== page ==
The trust submitted its application to Torridge district council, but that council was obliged, because the application departed from the local plan, to pass it to the Government office for the south-west. There it languished for many months, until eventually a public inquiry was held and the planning inspector decided to recommend against it on the ground that it departed from the local plan. Imagine the disappointment of those hundreds of villagers and members of the local community who had received encouragement from the Government—indeed, a senior Minister had visited and said that the scheme was inspirational—only to be confronted with devastating failure. That is despite their having received Government money for a scheme—I must make this clear to the Minister—that would always have departed from the local plan.
This is a case, I would submit, of the right hand not knowing what the left is doing. The Minister will know that I have written to the Secretary of State, raising the case and asking for the Secretary of State’s comments. I hope that she will feel able to comment, because there are still hundreds of devastated members of the local community, who have found that when they take the initiative and show the drive and energy necessary to devise a solution, they come up against the planning system. They had identified the local families that would be involved. They had measured carefully the local need. When they take into their own hands the means by which to produce local and radical solutions to the problems that they face, they come up against the rock of bureaucracy and the planning system.
I respectfully suggest that it is vital that the planning system be the subject, from top to bottom, of a radical review as to whether it favours the development of rural affordable housing. Only if we take that concerted approach and have a radical review of the planning system in rural areas—I agree with Elinor Goodman and the commission—can we conceivably begin to address the problem that we face.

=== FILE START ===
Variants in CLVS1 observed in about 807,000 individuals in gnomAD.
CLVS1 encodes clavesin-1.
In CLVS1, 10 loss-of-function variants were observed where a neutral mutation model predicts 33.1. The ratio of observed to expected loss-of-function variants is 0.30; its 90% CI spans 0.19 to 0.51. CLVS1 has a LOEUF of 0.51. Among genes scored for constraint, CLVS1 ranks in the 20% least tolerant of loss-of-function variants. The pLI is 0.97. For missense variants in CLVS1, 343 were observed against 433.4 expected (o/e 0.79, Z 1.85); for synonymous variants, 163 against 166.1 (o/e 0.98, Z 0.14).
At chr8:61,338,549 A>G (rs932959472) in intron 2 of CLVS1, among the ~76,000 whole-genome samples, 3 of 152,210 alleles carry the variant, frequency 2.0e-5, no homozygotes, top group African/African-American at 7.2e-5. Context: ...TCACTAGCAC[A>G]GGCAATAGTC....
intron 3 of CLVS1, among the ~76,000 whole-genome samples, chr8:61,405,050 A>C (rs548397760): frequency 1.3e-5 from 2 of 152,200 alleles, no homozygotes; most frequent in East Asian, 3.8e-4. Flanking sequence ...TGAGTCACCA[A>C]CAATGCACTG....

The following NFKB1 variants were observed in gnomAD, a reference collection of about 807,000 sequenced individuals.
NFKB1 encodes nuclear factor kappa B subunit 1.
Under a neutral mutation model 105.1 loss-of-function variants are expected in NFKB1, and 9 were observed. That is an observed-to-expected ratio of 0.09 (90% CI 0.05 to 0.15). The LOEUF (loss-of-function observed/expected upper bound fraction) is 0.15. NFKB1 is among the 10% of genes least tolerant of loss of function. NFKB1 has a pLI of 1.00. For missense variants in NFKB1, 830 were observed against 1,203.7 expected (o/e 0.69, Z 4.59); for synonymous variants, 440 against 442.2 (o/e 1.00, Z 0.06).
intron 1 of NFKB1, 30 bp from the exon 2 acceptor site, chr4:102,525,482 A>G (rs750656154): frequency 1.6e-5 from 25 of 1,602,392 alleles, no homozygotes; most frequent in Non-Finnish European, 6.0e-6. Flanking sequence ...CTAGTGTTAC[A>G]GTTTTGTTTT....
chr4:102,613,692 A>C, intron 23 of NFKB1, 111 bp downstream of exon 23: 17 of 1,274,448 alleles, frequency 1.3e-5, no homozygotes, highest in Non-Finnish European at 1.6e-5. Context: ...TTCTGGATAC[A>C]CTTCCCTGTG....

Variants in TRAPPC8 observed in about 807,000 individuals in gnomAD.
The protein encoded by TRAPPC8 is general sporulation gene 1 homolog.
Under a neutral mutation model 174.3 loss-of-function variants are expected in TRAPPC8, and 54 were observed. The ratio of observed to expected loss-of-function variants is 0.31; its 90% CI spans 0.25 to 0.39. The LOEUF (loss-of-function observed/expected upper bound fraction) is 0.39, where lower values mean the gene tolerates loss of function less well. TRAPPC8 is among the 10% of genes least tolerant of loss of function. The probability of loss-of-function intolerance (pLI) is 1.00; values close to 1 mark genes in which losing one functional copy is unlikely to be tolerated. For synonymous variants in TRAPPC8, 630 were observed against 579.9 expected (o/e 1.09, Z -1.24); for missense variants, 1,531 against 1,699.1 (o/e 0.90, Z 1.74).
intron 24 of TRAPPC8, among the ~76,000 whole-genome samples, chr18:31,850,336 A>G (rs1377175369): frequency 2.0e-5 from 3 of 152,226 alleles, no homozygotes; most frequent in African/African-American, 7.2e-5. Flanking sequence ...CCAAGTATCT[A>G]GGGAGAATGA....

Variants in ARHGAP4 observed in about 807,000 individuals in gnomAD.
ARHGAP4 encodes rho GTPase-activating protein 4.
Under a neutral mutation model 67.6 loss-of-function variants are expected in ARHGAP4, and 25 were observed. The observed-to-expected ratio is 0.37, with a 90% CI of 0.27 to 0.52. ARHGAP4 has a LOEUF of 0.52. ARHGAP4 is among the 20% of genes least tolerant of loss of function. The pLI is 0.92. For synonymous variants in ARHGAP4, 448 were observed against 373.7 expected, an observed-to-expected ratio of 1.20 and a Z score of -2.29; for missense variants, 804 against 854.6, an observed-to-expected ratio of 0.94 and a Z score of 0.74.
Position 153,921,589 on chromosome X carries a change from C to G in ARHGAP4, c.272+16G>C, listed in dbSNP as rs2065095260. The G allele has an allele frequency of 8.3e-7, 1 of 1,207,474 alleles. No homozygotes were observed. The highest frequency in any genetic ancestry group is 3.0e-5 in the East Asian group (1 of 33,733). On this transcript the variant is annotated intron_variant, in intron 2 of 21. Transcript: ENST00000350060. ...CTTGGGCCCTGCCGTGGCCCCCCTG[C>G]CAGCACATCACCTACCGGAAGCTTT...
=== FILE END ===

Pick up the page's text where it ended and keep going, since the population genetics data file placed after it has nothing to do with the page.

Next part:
The hon. Member for Sherwood talked about the need for imagination. The other day, I was with a representative of South West Water—not a very popular company, I have to say, in the areas that I and the hon. Member for North Cornwall (Mr. Rogerson) represent. I was being told about a plan that South West Water had and I was shown a map. I invite the other hon. Gentlemen here from constituencies in the south-west to make an application for the same map, because it is extremely interesting. Across the map of the south-west—across Devon and Cornwall—there were literally hundreds of dots, which showed brownfield sites. They were disused water processing or other water sites. Many of them were on the edges of villages and would be ideal for the development of two or three houses. There were about 100 such sites in my constituency alone. At least some of those would present potential opportunities for the development of affordable housing.
The company was telling me that it would like to make the land available for the purposes of affordable housing. It might be difficult for it to develop it profitably and viably if it were not permitted at least one market-priced house, but it does not, as I understand it—some hon. Members may be sceptical—seek to make a substantial profit. It wants instead to cross-subsidise, by the production of, say, one market unit and two, three or four other affordable homes. If there are 100 such sites on the edges of villages in my constituency alone, I ask the House to reflect on what a difference they might make to the problem in my constituency and other constituencies in the south-west. As the hon. Member for Sherwood said, however, that requires will and leadership. It requires a coherent and joined-up approach, which is what currently seems to be lacking.
The hon. Gentleman mentioned farmers. There is no question that many farming families in my constituency would like to build a bungalow or put up a building for members of their own family on the farm, so as to be able to work the farm. However, the planning system makes that very difficult. The hoops that people must jump through and the hurdles that they must get over are extremely rigorous. It should not be so, particularly if they are willing to have an agricultural tie on any such building. I agree with the hon. Gentleman that barns and redundant outbuildings are also wonderful opportunities to develop affordable housing. However—and I say this merely to enter a caution—it might not be profitable to do that unless at the same time there was permission to provide perhaps one market-price unit for the purposes of cross-subsidy.